Volunteers rescue several families that arrived on small boats, from the rising waters of Hurricane Dorian, near the Causarina bridge in Freeport, Grand Bahama, Bahamas, Tuesday, Sept. 3, 2019. The storm’s punishing winds and muddy brown floodwaters devastated thousands of homes, crippled hospitals and trapped people in attics. (Ramon Espinosa/AP Photo)

Canada stands ready to assist hurricane-stricken Bahamas, say officials

Ottawa has dispatched federal government officials to the Bahamas to assess the situation as the Caribbean island nation ramps up rescue efforts in the wake of a devastating hurricane that killed at least seven people and damaged or destroyed thousands of homes.

Airports were flooded and roads impassable after Hurricane Dorian, the most powerful storm to hit the Bahamas in recorded history, parked over Abaco and Grand Bahama islands, pounding them with winds up to 295 km/h and torrential rain before finally moving into open waters Tuesday on a course toward Florida.

“Canadians remain gravely concerned by Hurricane Dorian and we express our condolences to all those affected by its devastation,” Foreign Affairs Minister Chrystia Freeland and International Development Minister Maryam Monsef said in a joint statement.

A Canadian airport engineering specialist is now in Nassau as part of two Regional Rapid Needs Assessment Teams led by the Caribbean Disaster Emergency Management Agency (CDEMA), the statement said.

Two additional Canadian officials are expected to arrive in Nassau on Wednesday to beef up the assessment teams and support hurricane-affected Canadians, Freeland and Monsef said.

As they gain access to the hardest hit areas, these assessment teams will help provide a clearer picture of the storm’s impact on the affected populations and their associated needs.

Ottawa also announced Wednesday up to $500,000 in emergency assistance to support experienced humanitarian organizations on the ground.

However, Canada has not received any requests yet to deploy its Disaster Assistance Response Team (DART), made up of highly trained military and civilian experts, officials at the Department of National Defence said.

‘One of the greatest national crises’

Julia Aylen wades through waist deep water carrying her pet dog as she is rescued from her flooded home during Hurricane Dorian in Freeport, Bahamas, Tuesday, Sept. 3, 2019. Julia Aylen is the daughter of Photojournalist Tim Aylen, author of this photo. (Tim Aylen/AP Photo)

Aid agencies estimated that tens of thousands of people would need food and other support.

“We are in the midst of one of the greatest national crises in our country’s history,” Bahamas Prime Minister Hubert Minnis told a news conference. “No effort or resources will be held back.”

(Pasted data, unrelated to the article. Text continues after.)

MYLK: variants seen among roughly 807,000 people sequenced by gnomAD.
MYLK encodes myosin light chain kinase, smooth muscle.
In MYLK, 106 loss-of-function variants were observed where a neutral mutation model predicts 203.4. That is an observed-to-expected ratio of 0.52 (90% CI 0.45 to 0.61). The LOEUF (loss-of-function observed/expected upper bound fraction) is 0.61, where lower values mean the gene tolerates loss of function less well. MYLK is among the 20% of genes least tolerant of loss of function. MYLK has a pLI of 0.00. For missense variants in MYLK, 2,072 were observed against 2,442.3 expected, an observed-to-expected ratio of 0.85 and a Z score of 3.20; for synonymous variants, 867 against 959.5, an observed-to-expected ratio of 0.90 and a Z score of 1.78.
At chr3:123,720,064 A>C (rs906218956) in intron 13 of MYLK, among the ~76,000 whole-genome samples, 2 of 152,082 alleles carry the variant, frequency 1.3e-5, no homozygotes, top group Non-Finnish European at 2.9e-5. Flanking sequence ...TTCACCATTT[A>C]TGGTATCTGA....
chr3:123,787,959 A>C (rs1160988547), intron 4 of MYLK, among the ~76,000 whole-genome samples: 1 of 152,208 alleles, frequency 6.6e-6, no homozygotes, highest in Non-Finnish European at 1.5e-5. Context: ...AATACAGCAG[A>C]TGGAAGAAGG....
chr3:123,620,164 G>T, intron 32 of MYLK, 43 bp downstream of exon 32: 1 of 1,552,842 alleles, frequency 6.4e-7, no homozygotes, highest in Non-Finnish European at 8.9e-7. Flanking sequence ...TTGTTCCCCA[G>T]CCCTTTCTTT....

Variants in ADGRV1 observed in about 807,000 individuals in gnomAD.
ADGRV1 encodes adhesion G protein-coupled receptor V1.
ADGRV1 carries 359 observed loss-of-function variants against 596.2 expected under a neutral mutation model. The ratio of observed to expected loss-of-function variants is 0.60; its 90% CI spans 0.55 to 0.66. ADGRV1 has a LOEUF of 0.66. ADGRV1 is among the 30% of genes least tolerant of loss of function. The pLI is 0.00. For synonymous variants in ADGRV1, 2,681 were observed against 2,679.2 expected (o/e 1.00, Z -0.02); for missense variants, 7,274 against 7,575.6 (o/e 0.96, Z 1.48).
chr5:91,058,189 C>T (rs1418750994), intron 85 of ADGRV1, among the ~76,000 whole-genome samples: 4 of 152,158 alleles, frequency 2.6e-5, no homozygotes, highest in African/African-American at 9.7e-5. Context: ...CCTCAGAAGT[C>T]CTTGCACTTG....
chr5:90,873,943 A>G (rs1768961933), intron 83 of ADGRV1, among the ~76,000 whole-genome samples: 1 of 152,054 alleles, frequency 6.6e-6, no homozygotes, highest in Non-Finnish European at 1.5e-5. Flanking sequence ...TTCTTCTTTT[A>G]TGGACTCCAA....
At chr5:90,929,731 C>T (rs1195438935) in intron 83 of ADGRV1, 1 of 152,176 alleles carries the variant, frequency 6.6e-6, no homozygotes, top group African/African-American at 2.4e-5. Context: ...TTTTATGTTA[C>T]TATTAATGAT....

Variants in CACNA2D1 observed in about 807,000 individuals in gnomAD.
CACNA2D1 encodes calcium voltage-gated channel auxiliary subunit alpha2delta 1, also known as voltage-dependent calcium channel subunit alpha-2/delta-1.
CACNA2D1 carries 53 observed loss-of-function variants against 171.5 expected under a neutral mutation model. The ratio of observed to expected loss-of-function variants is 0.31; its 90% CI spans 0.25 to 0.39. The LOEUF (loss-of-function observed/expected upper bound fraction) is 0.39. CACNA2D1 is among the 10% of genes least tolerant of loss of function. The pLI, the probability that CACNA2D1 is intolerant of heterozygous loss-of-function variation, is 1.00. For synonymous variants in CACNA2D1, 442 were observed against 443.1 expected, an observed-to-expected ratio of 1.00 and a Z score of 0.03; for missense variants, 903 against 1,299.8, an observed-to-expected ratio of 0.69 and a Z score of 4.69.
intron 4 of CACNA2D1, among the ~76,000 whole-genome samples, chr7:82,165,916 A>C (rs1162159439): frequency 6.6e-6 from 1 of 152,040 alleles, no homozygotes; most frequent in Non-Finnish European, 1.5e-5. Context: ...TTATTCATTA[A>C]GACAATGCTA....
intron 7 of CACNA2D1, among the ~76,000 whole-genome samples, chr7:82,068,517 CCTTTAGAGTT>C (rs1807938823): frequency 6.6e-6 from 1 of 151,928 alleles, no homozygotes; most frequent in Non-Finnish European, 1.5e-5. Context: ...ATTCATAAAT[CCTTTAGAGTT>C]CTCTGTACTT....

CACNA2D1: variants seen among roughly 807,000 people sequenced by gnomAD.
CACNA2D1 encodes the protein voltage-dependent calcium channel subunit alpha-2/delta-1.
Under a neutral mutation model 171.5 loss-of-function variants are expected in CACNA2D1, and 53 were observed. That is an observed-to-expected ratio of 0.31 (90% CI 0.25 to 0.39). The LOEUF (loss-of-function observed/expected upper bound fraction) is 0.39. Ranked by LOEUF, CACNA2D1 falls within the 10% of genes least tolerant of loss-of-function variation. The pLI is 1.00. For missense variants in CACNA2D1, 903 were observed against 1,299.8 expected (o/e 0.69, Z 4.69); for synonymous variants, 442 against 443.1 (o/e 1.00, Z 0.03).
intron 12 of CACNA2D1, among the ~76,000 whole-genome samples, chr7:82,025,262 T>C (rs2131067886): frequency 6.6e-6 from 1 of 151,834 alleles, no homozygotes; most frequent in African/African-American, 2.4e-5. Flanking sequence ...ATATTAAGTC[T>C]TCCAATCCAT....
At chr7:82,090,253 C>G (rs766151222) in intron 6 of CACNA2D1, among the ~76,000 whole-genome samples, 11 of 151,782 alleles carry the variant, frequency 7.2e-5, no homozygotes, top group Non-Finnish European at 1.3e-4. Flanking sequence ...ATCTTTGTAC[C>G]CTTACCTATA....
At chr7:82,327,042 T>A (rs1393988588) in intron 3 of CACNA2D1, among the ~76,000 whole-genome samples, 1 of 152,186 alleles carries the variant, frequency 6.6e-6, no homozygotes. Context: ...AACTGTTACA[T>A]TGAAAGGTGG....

Some storm victims remained on rooftops, awaiting rescue, according to media reports early on Wednesday.

“We can expect more deaths to be recorded. This is just preliminary information,” Minnis said.

“Marsh Harbor has suffered, I would estimate, in excess of 60 percent damage to their homes,” Minnis said, referring to the port on Great Abaco.

“The Mud, as we know, has been completely destroyed or decimated,” he said referring to a shantytown known as the Mud and the Peas.

‘Total devastation’

This aerial photo provided by Medic Corps, shows the destruction brought by Hurricane Dorian on Man-o-War Cay, Bahamas, Tuesday, Sept.3, 2019. Relief officials reported scenes of utter ruin in parts of the Bahamas and rushed to deal with an unfolding humanitarian crisis in the wake of Hurricane Dorian, the most powerful storm on record ever to hit the islands. (Medic Corps via AP)

Lia Head-Rigby, who helps run a local hurricane relief group and flew over the hard-hit Abaco Islands, told The Associated Press she witnessed “apocalyptic” destruction.

“It’s not rebuilding something that was there; we have to start again,” she added.

While Dorian weakened on Tuesday to make it a Category 2 storm on the five-step Saffir-Simpson intensity scale, forecasters warned it was still dangerous.

Residents of coastal Florida, Georgia and South Carolina were bracing for Dorian’s approach on Wednesday, with the National Hurricane Center warning the slow-moving storm could make landfall in South or North Carolina Thursday or Friday.

Canadian officials said they continue to closely monitor Dorian’s trajectory and stand ready to provide consular assistance to Canadian citizens as required.

Canadian citizens requiring emergency consular assistance can contact Global Affairs Canada’s 24/7 Emergency Watch and Response Centre in Ottawa at 1-800-387-3124 (toll-free), 1 613-996-8885 or email sos@international.gc.ca, officials said.

With files from The Associated Press and Reuters

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